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Are Companies Liable for Injuries Their Employees Cause?

 Posted on June 20, 2024 in Workers' Compensation

Peoria, IL workplace injury lawyerLiability means legal responsibility. If a party is liable for damages, it means that the party is legally responsible for paying for the damages that were caused. If you want to be compensated for a personal injury, hire an Illinois personal injury attorney to bring a claim against whichever party is liable.

It is important to know that the party who is liable is not always the party that caused the injury. If you are injured in a collision caused by a drunk teenage driver, for example, the parents might be liable for the injury even though it was caused by their child. Similarly, a company might be liable for an injury caused by its employee. This is called vicarious liability.

What Is Vicarious Liability?

Vicarious liability means that someone is legally responsible for an injury even though someone else caused it. It is based on a legal doctrine called “respondeat superior,” which is Latin for “let the master answer.” 

For there to be a vicarious liability, therefore, the party that caused the injury must have a relationship with the party that is liable for the injury. That relationship must be of a “master/servant” nature. The party that is liable is the “master” of the party who caused the injury by having some degree of control over his or her actions. Parents, for example, are the “masters” of their children in this context, just as a company is the “master” of its employees.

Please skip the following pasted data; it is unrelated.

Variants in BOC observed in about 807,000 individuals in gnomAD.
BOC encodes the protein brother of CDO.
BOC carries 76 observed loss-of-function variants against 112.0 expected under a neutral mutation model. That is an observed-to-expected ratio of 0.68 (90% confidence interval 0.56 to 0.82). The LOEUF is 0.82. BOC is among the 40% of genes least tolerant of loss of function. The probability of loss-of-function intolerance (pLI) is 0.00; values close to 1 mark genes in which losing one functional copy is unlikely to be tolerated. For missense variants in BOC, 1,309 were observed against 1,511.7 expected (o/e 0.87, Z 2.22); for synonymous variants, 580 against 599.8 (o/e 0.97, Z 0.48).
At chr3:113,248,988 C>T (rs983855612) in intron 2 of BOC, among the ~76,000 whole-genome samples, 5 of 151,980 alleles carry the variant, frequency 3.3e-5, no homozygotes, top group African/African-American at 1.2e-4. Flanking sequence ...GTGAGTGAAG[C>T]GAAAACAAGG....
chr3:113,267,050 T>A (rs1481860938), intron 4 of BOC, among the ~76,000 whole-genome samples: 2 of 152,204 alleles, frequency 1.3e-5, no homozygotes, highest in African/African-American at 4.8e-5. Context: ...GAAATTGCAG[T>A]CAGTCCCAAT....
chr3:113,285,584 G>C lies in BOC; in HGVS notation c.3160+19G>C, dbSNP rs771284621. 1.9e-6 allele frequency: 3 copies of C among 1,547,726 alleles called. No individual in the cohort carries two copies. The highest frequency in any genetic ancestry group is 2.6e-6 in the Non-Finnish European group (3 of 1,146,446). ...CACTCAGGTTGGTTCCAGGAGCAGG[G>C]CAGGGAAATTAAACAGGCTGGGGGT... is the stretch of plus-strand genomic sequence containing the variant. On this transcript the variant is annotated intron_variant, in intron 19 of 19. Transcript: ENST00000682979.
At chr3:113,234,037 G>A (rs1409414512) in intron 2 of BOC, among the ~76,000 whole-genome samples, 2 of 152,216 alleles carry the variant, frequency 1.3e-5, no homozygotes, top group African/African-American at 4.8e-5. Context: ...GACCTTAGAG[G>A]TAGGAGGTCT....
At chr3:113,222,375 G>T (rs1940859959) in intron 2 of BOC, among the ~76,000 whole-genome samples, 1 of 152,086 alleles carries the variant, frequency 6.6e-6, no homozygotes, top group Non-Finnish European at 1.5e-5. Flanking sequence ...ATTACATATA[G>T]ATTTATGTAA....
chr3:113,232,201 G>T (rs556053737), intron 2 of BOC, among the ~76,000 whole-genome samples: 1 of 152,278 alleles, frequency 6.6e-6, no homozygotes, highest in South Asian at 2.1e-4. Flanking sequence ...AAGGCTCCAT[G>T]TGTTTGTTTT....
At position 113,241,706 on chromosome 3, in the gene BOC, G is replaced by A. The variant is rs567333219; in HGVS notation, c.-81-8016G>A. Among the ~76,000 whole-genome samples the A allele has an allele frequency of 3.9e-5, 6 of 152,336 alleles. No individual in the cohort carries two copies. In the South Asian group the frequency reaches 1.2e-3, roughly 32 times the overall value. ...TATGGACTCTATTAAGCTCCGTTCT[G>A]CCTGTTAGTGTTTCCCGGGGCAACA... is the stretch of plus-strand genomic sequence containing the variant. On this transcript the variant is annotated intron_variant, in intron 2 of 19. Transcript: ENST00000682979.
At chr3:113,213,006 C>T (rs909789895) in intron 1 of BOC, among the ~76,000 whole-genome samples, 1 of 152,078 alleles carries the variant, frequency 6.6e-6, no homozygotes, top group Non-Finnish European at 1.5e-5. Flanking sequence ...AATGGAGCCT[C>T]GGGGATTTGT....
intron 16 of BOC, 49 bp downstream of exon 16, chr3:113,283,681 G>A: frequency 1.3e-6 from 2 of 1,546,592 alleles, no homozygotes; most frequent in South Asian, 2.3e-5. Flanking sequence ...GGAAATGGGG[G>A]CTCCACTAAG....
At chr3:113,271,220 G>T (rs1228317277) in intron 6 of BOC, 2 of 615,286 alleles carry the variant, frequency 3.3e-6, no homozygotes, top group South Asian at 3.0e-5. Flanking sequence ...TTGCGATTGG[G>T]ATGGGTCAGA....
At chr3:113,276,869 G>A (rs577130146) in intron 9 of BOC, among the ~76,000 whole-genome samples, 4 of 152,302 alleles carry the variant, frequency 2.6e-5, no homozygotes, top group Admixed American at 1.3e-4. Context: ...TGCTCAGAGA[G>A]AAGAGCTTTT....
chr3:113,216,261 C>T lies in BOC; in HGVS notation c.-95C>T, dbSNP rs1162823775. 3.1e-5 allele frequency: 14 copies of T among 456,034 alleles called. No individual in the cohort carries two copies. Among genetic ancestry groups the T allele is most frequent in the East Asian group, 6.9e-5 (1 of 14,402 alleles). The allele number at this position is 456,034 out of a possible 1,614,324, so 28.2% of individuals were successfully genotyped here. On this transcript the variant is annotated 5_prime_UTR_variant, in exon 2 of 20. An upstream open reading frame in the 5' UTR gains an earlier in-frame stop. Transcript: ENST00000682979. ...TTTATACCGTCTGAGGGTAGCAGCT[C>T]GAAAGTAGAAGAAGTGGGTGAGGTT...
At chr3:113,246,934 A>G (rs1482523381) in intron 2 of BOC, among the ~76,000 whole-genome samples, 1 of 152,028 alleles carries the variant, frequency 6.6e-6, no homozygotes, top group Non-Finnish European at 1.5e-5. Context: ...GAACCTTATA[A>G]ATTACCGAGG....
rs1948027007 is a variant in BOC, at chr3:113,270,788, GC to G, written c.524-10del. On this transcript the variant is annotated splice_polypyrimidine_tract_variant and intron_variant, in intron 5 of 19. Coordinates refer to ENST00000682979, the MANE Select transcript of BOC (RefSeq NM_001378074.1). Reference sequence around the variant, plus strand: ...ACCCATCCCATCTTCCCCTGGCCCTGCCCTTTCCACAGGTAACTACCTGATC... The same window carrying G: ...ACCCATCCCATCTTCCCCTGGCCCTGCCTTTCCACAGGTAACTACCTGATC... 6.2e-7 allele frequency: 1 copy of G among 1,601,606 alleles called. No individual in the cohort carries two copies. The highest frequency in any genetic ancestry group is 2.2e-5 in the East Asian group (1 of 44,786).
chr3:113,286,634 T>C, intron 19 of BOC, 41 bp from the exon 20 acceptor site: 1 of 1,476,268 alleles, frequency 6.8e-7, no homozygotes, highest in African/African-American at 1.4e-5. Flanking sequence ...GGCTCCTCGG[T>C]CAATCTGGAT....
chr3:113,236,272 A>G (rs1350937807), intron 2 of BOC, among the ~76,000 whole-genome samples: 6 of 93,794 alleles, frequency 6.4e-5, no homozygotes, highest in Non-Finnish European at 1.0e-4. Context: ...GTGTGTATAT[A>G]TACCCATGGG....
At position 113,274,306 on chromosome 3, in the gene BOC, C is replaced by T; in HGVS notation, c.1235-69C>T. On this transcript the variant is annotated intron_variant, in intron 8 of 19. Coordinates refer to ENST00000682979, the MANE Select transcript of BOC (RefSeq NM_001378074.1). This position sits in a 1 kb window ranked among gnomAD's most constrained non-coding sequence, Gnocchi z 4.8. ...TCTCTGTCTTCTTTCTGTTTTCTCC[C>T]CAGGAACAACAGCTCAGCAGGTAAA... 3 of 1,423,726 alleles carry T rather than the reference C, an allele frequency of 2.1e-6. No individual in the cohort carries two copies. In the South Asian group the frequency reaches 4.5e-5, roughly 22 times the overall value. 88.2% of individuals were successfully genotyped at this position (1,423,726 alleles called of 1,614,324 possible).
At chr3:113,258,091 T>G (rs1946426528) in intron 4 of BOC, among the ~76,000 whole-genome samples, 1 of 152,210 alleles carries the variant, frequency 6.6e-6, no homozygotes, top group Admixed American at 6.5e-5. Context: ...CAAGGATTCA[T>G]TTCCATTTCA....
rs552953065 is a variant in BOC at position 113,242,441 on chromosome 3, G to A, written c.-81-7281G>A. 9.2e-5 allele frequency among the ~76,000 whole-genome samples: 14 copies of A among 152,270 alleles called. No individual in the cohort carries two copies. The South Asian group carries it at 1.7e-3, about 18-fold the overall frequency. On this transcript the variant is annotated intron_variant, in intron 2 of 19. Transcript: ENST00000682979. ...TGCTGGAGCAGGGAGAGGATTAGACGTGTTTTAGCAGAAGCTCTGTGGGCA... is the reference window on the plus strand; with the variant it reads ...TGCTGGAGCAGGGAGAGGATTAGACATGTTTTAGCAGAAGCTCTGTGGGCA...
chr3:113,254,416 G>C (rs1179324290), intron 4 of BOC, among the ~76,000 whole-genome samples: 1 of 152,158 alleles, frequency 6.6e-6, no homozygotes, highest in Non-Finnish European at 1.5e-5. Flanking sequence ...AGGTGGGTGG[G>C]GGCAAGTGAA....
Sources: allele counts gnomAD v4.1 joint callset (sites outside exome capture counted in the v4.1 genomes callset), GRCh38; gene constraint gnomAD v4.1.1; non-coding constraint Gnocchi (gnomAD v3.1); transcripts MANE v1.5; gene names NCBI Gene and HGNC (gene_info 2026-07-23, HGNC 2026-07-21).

When Is a Company Liable for an Injury Caused By an Employee?

A company is not always liable for the actions of its employees. For the company to be liable for an injury caused by an employee, Illinois law says the employee must have caused the injury in the course of his or her employment. This phrasing is vague, but Illinois courts understand it to mean that the following must be true:

  • The employee was performing a task he or she was hired to perform.

  • The employee was acting in a manner authorized by the employer.

  • The employee caused the injury while on the clock and while in a place authorized by the employer.

For example, if you are involved in a collision caused by an employee, the company may be liable if the employee:

  • Was delivering or picking up an item for the company

  • Was authorized to drive the car on that road to perform the task

  • Was driving during work hours

Contact a Peoria, IL Vicarious Liability Attorney

If you were injured by an employee, the employer may be vicariously liable. If so, it would be a fool’s errand to try to claim compensation from the employee. The best way to know who is liable for a workplace accident is to hire a Springfield, IL vicarious liability attorney. Personal injury clients like to work with Kanoski Bresney because we are highly experienced and we know how to prove vicarious liability. Our attorneys are ready to fight for you aggressively and get you the highest compensation possible. Call 888-826-8682 to get started today.

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